CONSTITUCION, Chile (Reuters) - Bernardita Vives woke up to hell Saturday morning as Chile’s huge earthquake sent bricks from her beach house tumbling down on her, breaking her right leg.
That was the beginning of her troubles.
As her neighbors ran for the hills surrounding the picturesque coastal town of Constitucion, Vives was trapped by her shattered leg and could only cry for help as mountainous tsunami waves rolled in and swept her away.
The 43-year-old non-swimmer survived after being washed up on a hill far from the ruins of her house.
“I survived because I just went with the wave, I counted my blessings and went. I was calm because I thought I was going to die,” said Vives from her hospital bed.
Her ordeal left her with a broken collar bone, bruises and a large bloody scab on her right arm as well as a broken femur.
“At one point I grabbed onto power cables and that worked for a while until I felt myself being dragged under. Then I really thought it was over.”
At least 350 people were killed in Constitucion by the 8.8-magnitude earthquake and the tsunami it triggered, and rescue officials say up to 500 people could still be missing here.
Officials say Vives, who described the wave as taller than her, is so far the only confirmed survivor among those who were swept up in the raging wall of water.
Four days after the disaster that killed a total of around 800 people in central Chile, rescue teams scouring badly hit coastal areas still hope to find more survivors like Vives, but are increasingly using their search dogs to find bodies.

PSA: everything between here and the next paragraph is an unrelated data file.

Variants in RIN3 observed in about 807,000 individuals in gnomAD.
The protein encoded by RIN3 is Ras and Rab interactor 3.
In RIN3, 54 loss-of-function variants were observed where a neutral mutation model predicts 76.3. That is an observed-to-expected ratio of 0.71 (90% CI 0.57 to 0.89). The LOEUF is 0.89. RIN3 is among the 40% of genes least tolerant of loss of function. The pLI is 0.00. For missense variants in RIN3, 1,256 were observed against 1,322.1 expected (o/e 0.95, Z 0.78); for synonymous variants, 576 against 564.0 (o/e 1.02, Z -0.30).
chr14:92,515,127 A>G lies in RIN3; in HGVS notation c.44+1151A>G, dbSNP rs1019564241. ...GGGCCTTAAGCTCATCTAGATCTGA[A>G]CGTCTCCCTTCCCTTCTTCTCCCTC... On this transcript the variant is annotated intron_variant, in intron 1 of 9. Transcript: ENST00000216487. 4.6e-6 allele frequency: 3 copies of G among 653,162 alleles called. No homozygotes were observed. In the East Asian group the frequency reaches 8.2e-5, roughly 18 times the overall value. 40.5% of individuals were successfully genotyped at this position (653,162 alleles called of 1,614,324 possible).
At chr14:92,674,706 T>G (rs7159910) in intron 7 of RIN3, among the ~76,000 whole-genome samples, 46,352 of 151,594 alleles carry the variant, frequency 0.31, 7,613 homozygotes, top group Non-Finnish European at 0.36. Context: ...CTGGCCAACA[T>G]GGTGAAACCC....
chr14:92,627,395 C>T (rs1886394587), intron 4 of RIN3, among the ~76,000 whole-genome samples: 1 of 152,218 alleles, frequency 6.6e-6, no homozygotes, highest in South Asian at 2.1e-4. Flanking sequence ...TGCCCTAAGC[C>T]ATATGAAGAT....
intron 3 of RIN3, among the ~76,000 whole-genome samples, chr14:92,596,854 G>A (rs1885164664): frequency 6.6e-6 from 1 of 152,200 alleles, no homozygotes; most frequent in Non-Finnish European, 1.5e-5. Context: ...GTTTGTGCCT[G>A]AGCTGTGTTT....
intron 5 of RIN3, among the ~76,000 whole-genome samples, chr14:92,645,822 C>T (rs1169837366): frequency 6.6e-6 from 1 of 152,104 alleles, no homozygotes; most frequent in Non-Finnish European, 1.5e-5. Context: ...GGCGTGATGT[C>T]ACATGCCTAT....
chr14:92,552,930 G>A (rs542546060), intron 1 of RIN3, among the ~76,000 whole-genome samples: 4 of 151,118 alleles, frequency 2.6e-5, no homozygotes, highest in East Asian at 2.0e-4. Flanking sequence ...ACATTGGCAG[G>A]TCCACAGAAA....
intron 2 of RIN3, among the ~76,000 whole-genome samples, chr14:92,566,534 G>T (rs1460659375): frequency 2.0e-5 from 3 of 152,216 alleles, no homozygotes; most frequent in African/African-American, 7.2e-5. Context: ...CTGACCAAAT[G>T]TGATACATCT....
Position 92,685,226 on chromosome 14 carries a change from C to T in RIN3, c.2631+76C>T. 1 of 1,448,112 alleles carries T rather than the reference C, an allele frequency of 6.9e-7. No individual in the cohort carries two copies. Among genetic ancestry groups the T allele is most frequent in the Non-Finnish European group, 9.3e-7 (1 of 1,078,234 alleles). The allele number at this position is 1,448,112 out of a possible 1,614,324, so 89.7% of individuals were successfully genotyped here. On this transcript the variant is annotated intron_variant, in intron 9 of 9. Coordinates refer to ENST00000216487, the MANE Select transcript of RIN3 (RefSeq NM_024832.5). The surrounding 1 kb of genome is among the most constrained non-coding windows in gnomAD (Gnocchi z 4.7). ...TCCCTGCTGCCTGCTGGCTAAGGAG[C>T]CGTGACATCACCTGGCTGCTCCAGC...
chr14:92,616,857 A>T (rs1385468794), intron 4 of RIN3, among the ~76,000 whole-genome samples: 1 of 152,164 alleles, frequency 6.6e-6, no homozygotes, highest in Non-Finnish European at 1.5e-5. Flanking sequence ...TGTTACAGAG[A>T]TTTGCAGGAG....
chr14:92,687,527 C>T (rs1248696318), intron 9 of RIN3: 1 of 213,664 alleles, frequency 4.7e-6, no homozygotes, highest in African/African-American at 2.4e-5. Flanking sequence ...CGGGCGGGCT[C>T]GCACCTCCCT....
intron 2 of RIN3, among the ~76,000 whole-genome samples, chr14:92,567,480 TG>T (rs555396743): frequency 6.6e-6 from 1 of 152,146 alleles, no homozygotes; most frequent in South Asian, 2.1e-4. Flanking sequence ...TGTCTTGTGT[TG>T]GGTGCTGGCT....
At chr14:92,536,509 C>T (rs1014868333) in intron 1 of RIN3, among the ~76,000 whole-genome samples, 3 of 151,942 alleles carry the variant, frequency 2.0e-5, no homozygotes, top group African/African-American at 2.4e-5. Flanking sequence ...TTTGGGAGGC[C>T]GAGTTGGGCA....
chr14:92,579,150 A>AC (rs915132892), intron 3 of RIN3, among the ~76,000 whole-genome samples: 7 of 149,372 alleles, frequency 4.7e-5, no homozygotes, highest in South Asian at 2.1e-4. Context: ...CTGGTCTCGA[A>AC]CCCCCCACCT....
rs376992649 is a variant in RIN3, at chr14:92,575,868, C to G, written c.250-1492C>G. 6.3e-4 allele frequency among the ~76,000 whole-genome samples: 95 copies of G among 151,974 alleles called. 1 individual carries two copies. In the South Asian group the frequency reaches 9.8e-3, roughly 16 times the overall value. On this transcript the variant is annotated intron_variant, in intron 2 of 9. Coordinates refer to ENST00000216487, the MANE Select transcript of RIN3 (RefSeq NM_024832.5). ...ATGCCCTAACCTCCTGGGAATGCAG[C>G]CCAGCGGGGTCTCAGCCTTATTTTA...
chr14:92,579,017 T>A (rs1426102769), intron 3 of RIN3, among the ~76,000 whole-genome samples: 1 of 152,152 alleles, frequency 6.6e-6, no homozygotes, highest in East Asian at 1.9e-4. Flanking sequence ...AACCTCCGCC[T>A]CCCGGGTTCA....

“This is the only patient we have here from Constitucion. She was taken away by the wave,” said Dr. Gustavo Cardenas at the army’s field hospital in nearby Talca where the military is running its aid effort for the region.
Constitucion was full of tourists attending an annual party marking the end of summer when the ground started shaking.
Vives, a seller of handicrafts who has curly brown hair and crooked teeth, said she grabbed for floating debris in the wave only to be repeatedly pinned down under crushing water.
She said she did not know how long she was in the wave and may have lost consciousness.
“I had hypothermia when they found me the next morning. I was crying for help up on a hill ... way up the river,” said Vives, whose surname happens to mean “you live” in English.
“It is amazing to be alive,” she said. “If I survived, it must be because I have something to do.”
Editing by Stuart Grudgings and Frances Kerry